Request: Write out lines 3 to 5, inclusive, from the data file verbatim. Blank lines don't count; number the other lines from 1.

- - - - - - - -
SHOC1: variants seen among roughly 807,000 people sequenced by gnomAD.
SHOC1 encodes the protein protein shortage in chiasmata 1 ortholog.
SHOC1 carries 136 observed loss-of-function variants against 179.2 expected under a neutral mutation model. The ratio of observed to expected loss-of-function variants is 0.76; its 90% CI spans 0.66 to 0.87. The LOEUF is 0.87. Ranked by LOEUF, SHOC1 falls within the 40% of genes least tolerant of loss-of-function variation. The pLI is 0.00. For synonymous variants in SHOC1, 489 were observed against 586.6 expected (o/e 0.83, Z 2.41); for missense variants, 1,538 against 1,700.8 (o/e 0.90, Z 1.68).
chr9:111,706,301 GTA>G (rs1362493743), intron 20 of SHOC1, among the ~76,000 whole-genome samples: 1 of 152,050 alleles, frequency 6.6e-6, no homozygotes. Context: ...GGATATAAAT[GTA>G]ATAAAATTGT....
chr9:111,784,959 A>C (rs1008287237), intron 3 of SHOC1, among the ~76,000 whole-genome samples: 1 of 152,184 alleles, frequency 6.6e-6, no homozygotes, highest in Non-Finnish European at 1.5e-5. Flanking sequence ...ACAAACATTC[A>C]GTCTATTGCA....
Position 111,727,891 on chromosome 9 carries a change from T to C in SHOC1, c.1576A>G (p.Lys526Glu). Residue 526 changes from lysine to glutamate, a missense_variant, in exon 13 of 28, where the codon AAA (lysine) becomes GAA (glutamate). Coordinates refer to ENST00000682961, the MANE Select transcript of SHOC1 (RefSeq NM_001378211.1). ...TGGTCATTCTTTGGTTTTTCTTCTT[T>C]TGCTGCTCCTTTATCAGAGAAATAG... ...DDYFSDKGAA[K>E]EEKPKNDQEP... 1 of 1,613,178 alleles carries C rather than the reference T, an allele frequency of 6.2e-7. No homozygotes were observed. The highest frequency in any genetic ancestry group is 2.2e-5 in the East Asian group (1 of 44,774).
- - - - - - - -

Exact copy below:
SHOC1 carries 136 observed loss-of-function variants against 179.2 expected under a neutral mutation model. The ratio of observed to expected loss-of-function variants is 0.76; its 90% CI spans 0.66 to 0.87. The LOEUF is 0.87. Ranked by LOEUF, SHOC1 falls within the 40% of genes least tolerant of loss-of-function variation. The pLI is 0.00. For synonymous variants in SHOC1, 489 were observed against 586.6 expected (o/e 0.83, Z 2.41); for missense variants, 1,538 against 1,700.8 (o/e 0.90, Z 1.68).
chr9:111,706,301 GTA>G (rs1362493743), intron 20 of SHOC1, among the ~76,000 whole-genome samples: 1 of 152,050 alleles, frequency 6.6e-6, no homozygotes. Context: ...GGATATAAAT[GTA>G]ATAAAATTGT....
chr9:111,784,959 A>C (rs1008287237), intron 3 of SHOC1, among the ~76,000 whole-genome samples: 1 of 152,184 alleles, frequency 6.6e-6, no homozygotes, highest in Non-Finnish European at 1.5e-5. Flanking sequence ...ACAAACATTC[A>C]GTCTATTGCA....